For the most part, you can’t really plan for no deal. There are however some things the government could prepare for. They could, for instance, start hiring additional staff for customs checks and investing in a bigger IT system to be able to handle the increased volume of work that would need to take place at the British border. It would need to begin issuing compulsory purchases to build new customs posts at ports, particularly along the 300-mile stretch of the Irish border – where Northern Ireland, outside the European Union, would immediately have a hard border with the Republic of Ireland, which would remain inside the bloc. But as Newsnight’s Christopher Cook details, the government is doing none of these things.

Now, in a way, you might say that this is a good decision on the government’s part. Frankly, these measures would only be about as useful as doing your seatbelt up before driving off the Grand Canyon. Buying up land and properties along the Irish border has the potential to cause political headaches that neither the British nor Irish governments need. However, as Cook notes, much of the government’s negotiating strategy seems to be based around convincing the EU27 that the United Kingdom might actually walk away without a deal, so not making even these inadequate plans makes a mockery of their own strategy. 

But the frothing about preparing for “no deal” ignores a far bigger problem: the government isn’t really preparing for any deal, and certainly not the one envisaged in May’s Lancaster House speech, where she set out the terms of Britain’s Brexit negotiations, or in her letter to the EU27 triggering Article 50. Just to reiterate: the government’s proposal is that the United Kingdom will leave both the single market and the customs union. Its regulations will no longer be set or enforced by the European Court of Justice or related bodies.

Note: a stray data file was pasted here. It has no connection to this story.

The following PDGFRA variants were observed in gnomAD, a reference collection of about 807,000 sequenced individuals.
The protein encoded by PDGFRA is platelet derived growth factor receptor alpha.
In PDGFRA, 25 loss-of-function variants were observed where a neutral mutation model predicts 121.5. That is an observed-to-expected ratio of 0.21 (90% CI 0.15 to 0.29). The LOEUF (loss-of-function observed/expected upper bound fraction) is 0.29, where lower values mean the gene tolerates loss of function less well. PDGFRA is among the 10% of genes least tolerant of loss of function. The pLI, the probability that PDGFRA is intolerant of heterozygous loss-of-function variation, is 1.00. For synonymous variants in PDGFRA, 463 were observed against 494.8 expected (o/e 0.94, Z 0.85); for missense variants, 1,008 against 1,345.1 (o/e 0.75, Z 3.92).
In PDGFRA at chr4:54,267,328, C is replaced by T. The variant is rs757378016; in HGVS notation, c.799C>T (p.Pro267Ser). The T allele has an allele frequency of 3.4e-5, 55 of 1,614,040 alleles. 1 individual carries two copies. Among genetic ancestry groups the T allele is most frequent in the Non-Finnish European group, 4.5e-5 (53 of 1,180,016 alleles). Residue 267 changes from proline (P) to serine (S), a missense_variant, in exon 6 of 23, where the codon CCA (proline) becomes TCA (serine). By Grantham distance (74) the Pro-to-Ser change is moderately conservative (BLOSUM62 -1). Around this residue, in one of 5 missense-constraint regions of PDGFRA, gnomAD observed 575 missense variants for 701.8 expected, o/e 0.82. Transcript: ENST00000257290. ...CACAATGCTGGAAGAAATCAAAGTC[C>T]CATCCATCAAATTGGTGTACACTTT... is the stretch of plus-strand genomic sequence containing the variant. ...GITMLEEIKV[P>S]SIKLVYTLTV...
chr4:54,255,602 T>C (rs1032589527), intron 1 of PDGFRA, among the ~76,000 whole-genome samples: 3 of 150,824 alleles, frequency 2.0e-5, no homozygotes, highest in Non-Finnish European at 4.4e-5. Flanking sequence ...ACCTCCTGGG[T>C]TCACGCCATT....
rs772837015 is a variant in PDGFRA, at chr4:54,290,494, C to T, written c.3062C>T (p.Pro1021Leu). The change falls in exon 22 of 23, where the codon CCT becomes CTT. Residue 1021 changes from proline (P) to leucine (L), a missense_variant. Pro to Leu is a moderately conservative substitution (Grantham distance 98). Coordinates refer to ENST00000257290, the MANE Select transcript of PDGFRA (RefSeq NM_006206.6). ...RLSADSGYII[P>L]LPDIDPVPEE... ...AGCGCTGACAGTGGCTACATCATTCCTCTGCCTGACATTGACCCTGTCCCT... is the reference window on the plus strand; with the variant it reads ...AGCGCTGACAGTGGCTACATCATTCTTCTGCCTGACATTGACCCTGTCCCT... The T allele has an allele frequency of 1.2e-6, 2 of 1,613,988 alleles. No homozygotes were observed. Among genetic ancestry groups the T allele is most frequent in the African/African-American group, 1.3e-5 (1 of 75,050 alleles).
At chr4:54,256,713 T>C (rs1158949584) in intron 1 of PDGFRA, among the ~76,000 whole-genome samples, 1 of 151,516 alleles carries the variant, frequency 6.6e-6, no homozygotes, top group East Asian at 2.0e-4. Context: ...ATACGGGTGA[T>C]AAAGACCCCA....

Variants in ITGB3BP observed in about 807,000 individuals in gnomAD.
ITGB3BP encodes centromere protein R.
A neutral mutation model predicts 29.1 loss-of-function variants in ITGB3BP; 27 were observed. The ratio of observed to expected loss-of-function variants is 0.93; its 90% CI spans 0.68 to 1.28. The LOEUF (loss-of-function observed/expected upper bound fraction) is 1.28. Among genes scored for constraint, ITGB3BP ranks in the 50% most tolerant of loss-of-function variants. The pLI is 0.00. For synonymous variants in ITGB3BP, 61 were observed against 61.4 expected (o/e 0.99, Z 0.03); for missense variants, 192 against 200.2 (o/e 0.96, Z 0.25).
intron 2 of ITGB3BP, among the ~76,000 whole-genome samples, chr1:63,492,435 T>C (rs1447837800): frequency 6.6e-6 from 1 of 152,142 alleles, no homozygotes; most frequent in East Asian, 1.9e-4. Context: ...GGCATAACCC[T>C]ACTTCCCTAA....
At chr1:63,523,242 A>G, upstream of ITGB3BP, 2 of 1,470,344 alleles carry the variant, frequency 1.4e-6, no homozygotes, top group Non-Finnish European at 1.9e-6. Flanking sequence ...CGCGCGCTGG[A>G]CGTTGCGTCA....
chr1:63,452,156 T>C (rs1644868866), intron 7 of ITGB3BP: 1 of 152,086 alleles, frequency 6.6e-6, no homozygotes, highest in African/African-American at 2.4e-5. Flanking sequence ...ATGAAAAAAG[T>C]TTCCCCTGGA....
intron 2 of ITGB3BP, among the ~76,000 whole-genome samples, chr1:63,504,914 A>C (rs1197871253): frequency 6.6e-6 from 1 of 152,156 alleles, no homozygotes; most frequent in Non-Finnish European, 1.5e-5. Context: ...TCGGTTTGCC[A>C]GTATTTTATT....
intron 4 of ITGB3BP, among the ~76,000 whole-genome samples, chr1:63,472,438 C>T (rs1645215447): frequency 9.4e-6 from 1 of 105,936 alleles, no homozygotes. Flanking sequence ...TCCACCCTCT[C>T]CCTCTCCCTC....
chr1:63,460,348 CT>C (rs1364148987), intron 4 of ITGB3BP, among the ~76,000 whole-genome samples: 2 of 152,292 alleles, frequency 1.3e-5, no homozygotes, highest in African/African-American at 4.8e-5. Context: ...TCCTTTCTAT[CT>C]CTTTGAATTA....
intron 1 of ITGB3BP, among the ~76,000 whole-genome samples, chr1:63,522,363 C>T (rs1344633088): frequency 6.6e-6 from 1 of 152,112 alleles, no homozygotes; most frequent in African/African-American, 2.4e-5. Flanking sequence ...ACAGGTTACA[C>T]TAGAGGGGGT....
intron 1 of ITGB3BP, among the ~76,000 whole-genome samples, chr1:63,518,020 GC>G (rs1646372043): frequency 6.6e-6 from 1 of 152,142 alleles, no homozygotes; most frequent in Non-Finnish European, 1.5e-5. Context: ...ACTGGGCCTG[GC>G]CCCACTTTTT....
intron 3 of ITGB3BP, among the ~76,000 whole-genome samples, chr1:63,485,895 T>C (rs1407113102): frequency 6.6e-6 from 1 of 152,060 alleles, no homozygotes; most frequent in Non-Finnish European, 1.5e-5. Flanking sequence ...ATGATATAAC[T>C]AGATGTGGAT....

That means that, when Britain leaves the EU, it will need, at a minimum: to beef up the number of staff, the quality of its computer systems and the amount of physical space given over to customs checks and other assorted border work. It will need to hire its own food and standards inspectors to travel the globe checking the quality of products exported to the United Kingdom. It will need to increase the size of its own regulatory bodies.

The Foreign Office is doing some good and important work on preparing Britain’s re-entry into the World Trade Organisation as a nation with its own set of tariffs. But across the government, the level of preparation is simply not where it should be.

And all that’s assuming that May gets exactly what she wants. It’s not that the government isn’t preparing for no deal, or isn’t preparing for a bad deal. It can’t even be said to be preparing for what it believes is a great deal. 

Stephen Bush is special correspondent at the New Statesman. His daily briefing, Morning Call, provides a quick and essential guide to domestic and global politics.